“Britain’s soaring house prices and ‘broken housing market’ have long been put down to a chronic shortage of homes, but new evidence has emerged that building more homes is unlikely to bring prices down.
A paper written by Tony Blair Institute chief economist Ian Mulheirn argues that building 300,000 homes a year wouldn’t make homes in the UK more affordable. Nor, he says, would more homes mean that more people manage to get onto the housing ladder.
The paper, published today by the UK Collaborative Centre for Housing Evidence, suggests that 160 per cent of the growth in house prices since the late 1990s has had nothing to do with a shortage in housing supply. Instead, Mulheirn claims that rock bottom interest rates for more than a decade have made borrowing so cheap that those able to buy have ratcheted up their borrowing, causing prices to soar.
‘Building 300,000 houses per year will do very little to bring down house prices in Britain, and next to nothing to raise home ownership,’ he wrote.
‘The real culprit for sky-high house prices is low global interest rates that have made it easy for homeowners and investors to take on large amounts of mortgage debt and pay ever more for houses.’
The figure of 300,000 new homes needed a year has been largely undisputed for the past decade.
In 2004, Kate Barker wrote a landmark review on housing supply for the then Labour government, concluding that 245,000 new private-sector homes a year were needed, plus another 17,000 social housing units, to keep house price inflation down to 1.1 per cent annually. She later revised that number up to 300,000 homes a year.
But Mulheirn disagrees. He points to official data showing that since the 1996 nadir of house prices, the English housing stock has grown by 168,000 units per year on average, while growth in the number of households has averaged 147,000 per year. Even in London and the South East, the number of houses has grown faster than the household count.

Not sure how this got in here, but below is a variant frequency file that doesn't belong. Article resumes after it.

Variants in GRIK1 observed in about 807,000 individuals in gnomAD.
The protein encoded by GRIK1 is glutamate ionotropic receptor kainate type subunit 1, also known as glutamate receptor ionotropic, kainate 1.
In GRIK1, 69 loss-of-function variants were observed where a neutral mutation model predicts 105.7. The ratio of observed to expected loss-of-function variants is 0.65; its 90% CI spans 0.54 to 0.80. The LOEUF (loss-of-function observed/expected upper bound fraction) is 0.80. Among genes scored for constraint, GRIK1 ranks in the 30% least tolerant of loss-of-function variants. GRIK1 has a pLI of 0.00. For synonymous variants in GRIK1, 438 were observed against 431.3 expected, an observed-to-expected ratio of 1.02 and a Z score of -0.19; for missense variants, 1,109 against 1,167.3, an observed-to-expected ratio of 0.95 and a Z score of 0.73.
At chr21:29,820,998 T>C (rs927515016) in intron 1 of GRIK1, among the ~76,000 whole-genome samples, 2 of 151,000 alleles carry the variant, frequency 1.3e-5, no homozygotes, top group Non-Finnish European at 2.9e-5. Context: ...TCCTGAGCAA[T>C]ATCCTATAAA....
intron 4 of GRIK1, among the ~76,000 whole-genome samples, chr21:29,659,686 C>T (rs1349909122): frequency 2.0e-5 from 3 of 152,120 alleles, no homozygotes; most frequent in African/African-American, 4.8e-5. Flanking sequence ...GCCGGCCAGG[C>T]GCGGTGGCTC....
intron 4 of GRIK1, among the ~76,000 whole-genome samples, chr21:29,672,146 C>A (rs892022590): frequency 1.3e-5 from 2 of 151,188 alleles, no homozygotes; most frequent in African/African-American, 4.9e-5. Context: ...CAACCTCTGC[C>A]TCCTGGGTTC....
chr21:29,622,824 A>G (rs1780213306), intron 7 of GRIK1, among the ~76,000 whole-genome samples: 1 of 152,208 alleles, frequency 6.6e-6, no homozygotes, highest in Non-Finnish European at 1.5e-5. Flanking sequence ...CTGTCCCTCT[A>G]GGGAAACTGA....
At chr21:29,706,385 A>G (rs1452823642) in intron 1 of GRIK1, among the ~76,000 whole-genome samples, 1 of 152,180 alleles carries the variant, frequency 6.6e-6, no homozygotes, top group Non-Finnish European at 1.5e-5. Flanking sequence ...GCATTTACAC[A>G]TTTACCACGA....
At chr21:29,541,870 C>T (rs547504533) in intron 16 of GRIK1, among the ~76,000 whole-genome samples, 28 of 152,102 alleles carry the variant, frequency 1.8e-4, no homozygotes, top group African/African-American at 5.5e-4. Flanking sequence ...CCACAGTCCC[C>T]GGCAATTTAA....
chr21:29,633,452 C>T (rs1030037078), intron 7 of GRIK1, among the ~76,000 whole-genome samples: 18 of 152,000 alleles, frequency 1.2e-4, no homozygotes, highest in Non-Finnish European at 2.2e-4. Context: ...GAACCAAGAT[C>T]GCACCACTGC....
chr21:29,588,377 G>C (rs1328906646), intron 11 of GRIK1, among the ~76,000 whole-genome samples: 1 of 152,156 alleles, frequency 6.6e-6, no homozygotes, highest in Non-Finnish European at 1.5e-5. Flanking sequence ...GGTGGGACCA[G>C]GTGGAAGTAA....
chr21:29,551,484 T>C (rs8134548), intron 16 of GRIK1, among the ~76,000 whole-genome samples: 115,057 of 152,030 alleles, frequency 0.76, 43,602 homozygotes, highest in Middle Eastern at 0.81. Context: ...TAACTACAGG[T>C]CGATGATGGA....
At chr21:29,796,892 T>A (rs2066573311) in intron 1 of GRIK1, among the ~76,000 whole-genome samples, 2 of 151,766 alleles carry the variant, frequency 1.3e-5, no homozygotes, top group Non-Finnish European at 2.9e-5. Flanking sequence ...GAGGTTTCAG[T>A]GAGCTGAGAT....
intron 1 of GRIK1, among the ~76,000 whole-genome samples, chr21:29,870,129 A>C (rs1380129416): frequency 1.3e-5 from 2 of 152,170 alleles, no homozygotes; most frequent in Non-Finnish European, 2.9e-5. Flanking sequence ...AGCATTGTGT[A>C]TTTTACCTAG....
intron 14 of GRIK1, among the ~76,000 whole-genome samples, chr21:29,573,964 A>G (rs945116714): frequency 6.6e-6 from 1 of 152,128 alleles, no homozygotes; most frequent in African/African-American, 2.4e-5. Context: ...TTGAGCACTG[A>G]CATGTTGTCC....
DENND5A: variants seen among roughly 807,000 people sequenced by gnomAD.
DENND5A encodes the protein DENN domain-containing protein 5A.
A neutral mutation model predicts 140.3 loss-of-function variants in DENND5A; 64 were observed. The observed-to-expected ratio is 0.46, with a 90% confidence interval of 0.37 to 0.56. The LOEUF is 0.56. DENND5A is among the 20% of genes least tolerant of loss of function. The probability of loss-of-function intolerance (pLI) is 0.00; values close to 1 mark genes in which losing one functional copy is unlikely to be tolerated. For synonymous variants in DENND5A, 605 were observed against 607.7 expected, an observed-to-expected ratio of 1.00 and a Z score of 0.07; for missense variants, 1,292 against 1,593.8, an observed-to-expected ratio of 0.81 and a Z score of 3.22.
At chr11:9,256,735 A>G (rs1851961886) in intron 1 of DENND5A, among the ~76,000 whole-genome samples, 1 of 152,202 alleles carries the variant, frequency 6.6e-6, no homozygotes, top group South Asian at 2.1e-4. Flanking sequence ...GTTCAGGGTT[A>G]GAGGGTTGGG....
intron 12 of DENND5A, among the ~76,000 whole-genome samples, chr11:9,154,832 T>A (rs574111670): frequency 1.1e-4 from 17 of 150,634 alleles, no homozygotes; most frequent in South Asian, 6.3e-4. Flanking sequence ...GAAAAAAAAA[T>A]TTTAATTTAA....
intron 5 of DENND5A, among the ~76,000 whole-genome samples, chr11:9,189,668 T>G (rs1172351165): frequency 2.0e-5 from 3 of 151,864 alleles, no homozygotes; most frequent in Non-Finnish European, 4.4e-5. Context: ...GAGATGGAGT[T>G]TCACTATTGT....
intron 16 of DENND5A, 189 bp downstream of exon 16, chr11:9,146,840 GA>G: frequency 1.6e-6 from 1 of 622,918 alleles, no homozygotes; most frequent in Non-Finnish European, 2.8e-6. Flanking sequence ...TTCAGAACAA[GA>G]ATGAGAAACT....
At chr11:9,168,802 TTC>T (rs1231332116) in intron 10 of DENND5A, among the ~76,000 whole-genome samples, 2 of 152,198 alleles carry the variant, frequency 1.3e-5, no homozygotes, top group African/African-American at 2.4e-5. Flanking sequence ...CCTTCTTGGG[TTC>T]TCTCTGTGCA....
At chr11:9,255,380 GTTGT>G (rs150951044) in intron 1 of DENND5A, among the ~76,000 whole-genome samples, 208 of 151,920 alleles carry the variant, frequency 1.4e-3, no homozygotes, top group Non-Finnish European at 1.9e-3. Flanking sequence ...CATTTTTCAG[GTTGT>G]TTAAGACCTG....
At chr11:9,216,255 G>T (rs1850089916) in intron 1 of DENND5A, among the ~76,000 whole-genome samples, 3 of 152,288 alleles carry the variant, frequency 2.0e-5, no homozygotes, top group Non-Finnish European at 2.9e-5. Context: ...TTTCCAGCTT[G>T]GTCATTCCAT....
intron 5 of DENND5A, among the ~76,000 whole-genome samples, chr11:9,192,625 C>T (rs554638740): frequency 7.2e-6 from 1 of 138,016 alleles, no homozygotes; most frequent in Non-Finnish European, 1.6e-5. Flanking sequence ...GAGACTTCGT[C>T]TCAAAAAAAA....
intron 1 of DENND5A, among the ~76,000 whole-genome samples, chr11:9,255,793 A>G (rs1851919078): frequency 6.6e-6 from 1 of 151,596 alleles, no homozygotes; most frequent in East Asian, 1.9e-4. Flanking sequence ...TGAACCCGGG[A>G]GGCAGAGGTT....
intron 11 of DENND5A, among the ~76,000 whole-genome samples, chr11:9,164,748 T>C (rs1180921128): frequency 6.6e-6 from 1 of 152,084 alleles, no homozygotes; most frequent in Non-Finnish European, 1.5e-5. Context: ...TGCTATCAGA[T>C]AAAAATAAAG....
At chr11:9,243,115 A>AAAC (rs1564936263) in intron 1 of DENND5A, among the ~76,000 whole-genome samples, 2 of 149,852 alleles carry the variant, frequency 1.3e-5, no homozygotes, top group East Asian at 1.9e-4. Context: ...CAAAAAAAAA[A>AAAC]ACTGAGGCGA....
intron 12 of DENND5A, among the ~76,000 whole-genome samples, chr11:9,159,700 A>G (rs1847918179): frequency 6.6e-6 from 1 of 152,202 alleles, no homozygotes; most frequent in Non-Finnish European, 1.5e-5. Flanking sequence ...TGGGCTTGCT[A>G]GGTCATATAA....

As a result, while there were 660,000 more dwellings than households in England in 1996, this ‘surplus’ has since grown to over 1.1 million by 2018. Similar trends are also apparent in Scotland and Wales, suggested Mulheirn.
Nevertheless, UK house prices have spiralled from around 4.5 times median household income in 1996 to a multiple of around 8 today.
The most recent figures from the Office for National Statistics showed across Britain, prices rose 0.7 per cent in June to an average of £230,292 – up 0.9 per cent compared to June 2018.
Mulheirn argued cheap mortgage finance is to blame.
‘Since the late 1990s, mortgage rates have tumbled, with inflation-adjusted interest rates on five-year fixed-rate mortgages, for example, falling from 8 per cent to around 2 per cent today,’ he said. ‘Since mortgage interest rates tend to be the dominant element of the cost of capital for home owners, this change can be expected to precipitate a substantial increase in house prices of a similar magnitude to the 160 per cent increase seen since 1996.’
Meanwhile, he said, a shrinking social rented sector, cuts to housing benefit and slow wage growth among young people are making rented housing less affordable for many even as though private sector rents are stable.
He added: ‘Neither our ownership or rental affordability problems will be solved by hitting the 300,000 target.’
According to the paper a 1 per cent increase in the stock of houses tends to lead to a decline in rents and prices of between 1.5 per cent and 2 per cent, all else equal. This implies that even building 300,000 houses per year in England would only cut house prices by something in the order of 10 per cent over the course of 20 years. ‘This is an order of magnitude smaller than the price rises of recent decades,’ said Mulheirn.
‘If we are to create more affordable houses to buy and rent, the solutions lie elsewhere.’ …”